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Learning to live without regrets

Feeling remorse is part of our human experience. Regret means, “I think I would be happier or better off if things had been different in the past.” Everything that happens is recorded in the memory banks of our mind. There are so many stories floating around in your mind; Matters not yet resolved, unfinished tasks, something we wish we hadn’t done or said, something we would have liked to have done or said. Some of these things disappear quickly, others fade with time, but some remain and are as vivid as they were when they happened.

Part of a spiritual journey is beginning to resolve feelings of regret. First of all, we can understand how we can learn from these experiences; they can help me to deal with situations differently in the future. However, we also begin to dissipate the impact and influence of these feelings of regret. There are two effects of experiencing a very deep sense of regret. One is that I don’t feel happy in the present because of this regret hanging over me like a shadow, and the other is that it damages the relationship with myself.

Brahma Kumaris | Making thoughts peaceful stable with meditation

There is a cycle of regret. First there is denial, we tell ourselves that it didn’t happen – it should just go away. Then comes the dismay: “How could I do/say that?”. Then comes the self-punishment: “I could slap myself for doing that!”, and finally the reinforcement; by playing it over and over again, I am reinforcing a negative attitude towards myself. This is very harmful.

At the heart of a good life is nurturing love, respect and appreciation for myself. This is impossible if I constantly paint a negative image of myself that weakens me. If I don’t respect myself, I won’t have respect for others, society or the environment either.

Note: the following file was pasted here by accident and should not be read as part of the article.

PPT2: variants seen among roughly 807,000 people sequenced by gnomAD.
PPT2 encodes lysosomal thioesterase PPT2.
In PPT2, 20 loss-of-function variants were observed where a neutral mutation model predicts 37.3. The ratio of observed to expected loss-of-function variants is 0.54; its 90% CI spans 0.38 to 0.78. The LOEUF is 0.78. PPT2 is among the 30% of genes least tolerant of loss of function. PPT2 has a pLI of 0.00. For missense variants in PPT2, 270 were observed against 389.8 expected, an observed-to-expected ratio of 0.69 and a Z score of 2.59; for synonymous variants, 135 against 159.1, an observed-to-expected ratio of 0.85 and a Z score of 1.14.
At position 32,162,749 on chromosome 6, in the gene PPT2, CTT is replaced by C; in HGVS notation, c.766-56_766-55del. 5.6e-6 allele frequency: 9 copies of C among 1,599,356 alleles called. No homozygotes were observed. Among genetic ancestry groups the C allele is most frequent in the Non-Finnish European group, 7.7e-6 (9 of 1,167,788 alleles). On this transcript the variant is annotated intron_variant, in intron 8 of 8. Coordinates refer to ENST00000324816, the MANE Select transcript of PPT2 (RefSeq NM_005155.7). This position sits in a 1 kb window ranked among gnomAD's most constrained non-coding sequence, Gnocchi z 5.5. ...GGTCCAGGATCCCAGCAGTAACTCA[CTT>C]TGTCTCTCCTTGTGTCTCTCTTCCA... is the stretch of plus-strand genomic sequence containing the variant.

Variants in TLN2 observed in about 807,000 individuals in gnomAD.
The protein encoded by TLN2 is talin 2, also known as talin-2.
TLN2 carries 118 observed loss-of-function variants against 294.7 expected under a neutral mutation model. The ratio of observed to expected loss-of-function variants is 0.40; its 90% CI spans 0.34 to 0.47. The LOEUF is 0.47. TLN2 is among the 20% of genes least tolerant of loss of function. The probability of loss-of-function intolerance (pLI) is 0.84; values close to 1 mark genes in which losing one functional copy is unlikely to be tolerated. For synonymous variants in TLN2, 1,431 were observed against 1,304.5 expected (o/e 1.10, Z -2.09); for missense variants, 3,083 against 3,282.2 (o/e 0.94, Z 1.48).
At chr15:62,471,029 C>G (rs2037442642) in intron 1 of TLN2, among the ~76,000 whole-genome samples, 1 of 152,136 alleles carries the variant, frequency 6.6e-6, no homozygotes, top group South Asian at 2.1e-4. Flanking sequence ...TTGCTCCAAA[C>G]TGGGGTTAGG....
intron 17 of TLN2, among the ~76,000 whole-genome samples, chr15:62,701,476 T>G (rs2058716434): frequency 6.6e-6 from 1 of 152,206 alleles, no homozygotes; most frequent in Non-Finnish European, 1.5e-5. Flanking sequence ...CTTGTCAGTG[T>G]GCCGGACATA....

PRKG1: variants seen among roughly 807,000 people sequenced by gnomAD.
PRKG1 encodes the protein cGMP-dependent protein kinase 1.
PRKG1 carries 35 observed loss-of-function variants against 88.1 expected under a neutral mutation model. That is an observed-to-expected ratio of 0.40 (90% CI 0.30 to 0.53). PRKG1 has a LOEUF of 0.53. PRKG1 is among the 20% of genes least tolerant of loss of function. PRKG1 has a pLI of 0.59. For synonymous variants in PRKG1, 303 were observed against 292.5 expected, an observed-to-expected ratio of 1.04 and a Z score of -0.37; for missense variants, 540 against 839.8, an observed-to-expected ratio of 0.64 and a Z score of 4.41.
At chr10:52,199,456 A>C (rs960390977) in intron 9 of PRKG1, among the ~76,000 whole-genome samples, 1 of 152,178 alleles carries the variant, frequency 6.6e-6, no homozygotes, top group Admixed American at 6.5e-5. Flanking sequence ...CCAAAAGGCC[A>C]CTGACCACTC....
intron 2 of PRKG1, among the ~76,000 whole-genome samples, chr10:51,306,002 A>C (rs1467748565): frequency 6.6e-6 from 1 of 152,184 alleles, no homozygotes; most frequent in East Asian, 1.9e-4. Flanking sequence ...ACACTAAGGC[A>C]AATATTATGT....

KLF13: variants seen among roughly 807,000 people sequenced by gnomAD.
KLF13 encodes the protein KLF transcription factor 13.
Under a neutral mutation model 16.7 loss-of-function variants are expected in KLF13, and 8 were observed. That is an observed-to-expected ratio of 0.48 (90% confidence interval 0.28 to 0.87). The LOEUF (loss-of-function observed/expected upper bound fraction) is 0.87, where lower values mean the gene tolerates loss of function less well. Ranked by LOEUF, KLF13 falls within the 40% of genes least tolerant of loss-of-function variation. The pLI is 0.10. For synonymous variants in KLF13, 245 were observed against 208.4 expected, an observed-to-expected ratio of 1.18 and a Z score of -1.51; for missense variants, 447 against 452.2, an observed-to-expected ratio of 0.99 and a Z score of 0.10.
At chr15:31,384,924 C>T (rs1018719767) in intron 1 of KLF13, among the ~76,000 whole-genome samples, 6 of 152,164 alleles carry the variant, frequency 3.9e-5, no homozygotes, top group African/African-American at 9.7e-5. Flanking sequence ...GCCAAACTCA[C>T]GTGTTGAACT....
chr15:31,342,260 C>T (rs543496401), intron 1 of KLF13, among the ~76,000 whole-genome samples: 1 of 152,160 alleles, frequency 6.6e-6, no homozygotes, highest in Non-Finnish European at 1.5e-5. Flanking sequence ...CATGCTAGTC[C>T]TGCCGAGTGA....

I have to make friends with my conscience. I must learn on my spiritual path to do and say only what is consistent with my deepest beliefs and to resist pressure from others and any temptation to act against those beliefs.

In order to do this, I need to understand who I really am. I am not this physical identity, the sense of self derived from my body, gender, culture or upbringing – all of which are ephemeral and make me feel arrogant and superior one moment and lacking the next self-respect and feelings of inferiority.

I have to understand that I am a soul. A spiritual, eternal, immortal being of light – Atma; the living resident of the costume. The soul is real. A point – no breadth, no length, no extension. She is full of power and light.

Once I begin to understand and experience this truth, I feel very comfortable and at ease with who I am. A natural state of peace begins to set in. I can understand that in the past I was under the temporary impression of being a body and therefore came under the influence of many things.
Now I can receive the strength not to do anything that I would regret.

This spiritual path and the use of meditation are beginning to heal the past and the impact it has had on me. This develops a different relationship with my conscience. I become my own best friend and not my worst enemy.

Sydney resident Charlie Hogg has been meditating daily with the Brahma Kumaris for 45 years.

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